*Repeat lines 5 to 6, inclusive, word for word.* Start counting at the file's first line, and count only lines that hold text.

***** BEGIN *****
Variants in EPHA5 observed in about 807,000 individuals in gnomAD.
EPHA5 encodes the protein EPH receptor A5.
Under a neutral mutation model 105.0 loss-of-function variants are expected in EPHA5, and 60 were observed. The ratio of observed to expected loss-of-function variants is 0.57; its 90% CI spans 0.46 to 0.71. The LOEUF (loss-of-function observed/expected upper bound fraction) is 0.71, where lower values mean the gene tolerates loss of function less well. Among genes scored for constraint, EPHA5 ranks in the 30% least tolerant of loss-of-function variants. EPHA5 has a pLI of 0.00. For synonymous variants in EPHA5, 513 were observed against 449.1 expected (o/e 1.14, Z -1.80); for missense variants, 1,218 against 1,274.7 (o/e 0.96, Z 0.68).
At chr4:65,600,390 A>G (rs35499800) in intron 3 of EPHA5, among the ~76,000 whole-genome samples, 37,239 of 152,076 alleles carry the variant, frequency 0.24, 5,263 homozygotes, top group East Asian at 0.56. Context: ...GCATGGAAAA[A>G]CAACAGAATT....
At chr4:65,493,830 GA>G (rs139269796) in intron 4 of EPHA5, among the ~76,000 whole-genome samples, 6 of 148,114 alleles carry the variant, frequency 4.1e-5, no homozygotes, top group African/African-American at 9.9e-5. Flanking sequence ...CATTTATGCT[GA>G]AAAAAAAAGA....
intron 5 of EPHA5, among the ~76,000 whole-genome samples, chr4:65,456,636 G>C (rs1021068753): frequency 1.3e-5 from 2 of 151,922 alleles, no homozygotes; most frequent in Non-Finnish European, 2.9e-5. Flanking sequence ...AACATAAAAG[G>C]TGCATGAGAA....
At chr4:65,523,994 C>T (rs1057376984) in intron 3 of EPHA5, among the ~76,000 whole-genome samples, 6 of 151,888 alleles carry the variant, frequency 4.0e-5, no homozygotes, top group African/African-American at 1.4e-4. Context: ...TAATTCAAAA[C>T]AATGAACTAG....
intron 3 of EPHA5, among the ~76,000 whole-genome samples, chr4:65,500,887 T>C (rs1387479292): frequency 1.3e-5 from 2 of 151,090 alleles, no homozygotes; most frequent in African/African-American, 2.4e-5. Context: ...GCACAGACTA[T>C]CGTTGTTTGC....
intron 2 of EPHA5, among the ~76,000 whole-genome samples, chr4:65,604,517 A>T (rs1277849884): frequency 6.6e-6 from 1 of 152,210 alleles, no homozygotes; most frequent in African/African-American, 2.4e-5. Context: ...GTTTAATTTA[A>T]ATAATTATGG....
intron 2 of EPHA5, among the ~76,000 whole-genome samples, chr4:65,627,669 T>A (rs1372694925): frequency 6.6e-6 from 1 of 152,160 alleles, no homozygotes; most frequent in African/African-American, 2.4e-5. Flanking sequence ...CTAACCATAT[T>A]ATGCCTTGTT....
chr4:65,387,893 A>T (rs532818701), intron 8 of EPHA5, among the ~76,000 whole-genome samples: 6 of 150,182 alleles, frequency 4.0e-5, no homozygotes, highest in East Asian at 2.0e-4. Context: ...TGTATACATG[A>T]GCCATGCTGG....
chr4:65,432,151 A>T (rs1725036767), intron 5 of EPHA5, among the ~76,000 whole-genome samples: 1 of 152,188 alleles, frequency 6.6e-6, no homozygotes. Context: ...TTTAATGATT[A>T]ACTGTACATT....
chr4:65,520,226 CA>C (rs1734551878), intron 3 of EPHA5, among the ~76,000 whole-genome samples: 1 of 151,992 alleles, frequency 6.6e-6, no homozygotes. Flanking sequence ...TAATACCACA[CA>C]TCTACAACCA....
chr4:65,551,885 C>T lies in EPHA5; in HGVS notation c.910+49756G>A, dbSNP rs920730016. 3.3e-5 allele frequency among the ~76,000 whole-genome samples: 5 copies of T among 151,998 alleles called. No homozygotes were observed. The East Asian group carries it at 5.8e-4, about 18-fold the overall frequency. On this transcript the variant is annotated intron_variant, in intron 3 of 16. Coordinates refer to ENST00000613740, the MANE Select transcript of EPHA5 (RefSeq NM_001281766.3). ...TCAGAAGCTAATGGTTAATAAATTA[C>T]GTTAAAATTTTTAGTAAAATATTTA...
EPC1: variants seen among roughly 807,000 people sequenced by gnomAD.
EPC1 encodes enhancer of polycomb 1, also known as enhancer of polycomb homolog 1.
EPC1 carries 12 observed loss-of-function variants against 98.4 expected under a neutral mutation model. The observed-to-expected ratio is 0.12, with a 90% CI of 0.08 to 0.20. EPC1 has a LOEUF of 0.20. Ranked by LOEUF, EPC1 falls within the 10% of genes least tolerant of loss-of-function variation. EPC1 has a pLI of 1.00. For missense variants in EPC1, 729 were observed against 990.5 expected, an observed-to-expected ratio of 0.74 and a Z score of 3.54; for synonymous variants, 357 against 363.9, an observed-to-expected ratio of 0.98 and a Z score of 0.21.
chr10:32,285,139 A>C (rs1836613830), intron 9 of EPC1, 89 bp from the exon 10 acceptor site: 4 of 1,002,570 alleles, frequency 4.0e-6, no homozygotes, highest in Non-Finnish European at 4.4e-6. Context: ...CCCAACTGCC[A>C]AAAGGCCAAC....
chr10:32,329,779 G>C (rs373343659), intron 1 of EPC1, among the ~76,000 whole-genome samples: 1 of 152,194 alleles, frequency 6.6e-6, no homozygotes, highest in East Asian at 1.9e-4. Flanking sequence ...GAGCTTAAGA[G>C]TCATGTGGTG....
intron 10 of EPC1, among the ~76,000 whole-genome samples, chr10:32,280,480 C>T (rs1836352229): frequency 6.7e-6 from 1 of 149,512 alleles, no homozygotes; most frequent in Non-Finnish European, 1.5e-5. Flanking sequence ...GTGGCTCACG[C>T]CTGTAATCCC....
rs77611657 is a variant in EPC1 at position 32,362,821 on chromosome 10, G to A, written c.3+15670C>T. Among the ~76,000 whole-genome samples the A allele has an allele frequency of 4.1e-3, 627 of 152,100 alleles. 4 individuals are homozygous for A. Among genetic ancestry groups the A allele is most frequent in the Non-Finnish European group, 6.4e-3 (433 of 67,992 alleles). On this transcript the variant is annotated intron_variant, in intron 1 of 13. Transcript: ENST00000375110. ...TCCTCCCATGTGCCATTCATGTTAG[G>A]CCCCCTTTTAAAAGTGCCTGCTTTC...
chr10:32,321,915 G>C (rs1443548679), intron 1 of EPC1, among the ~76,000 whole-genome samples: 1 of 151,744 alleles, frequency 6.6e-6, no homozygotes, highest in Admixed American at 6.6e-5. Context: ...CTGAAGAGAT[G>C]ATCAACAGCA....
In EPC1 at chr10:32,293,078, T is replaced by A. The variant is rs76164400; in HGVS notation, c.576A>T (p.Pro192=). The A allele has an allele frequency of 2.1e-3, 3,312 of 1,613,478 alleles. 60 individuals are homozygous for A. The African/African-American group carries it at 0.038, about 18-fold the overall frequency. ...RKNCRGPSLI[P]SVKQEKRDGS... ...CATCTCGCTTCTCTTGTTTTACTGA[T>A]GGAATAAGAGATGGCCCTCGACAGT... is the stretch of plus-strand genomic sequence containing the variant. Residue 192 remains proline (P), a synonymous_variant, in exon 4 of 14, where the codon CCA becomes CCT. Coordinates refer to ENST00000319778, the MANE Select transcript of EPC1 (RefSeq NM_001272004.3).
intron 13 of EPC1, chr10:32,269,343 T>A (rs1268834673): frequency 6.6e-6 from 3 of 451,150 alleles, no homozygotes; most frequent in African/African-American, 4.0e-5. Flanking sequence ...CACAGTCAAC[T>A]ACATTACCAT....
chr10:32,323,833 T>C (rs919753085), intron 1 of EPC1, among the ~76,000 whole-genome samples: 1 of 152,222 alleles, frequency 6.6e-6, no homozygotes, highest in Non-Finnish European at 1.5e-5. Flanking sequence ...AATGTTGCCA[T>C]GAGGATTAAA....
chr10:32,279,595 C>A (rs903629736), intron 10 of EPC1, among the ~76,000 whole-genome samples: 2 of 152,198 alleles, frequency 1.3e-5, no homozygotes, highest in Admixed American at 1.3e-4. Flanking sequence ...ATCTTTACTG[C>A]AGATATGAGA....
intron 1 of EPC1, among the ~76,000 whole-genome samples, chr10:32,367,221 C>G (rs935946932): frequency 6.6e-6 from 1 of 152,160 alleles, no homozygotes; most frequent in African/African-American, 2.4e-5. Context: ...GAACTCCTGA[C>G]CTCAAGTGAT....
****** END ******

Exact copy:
At chr4:65,493,830 GA>G (rs139269796) in intron 4 of EPHA5, among the ~76,000 whole-genome samples, 6 of 148,114 alleles carry the variant, frequency 4.1e-5, no homozygotes, top group African/African-American at 9.9e-5. Flanking sequence ...CATTTATGCT[GA>G]AAAAAAAAGA....
intron 5 of EPHA5, among the ~76,000 whole-genome samples, chr4:65,456,636 G>C (rs1021068753): frequency 1.3e-5 from 2 of 151,922 alleles, no homozygotes; most frequent in Non-Finnish European, 2.9e-5. Flanking sequence ...AACATAAAAG[G>C]TGCATGAGAA....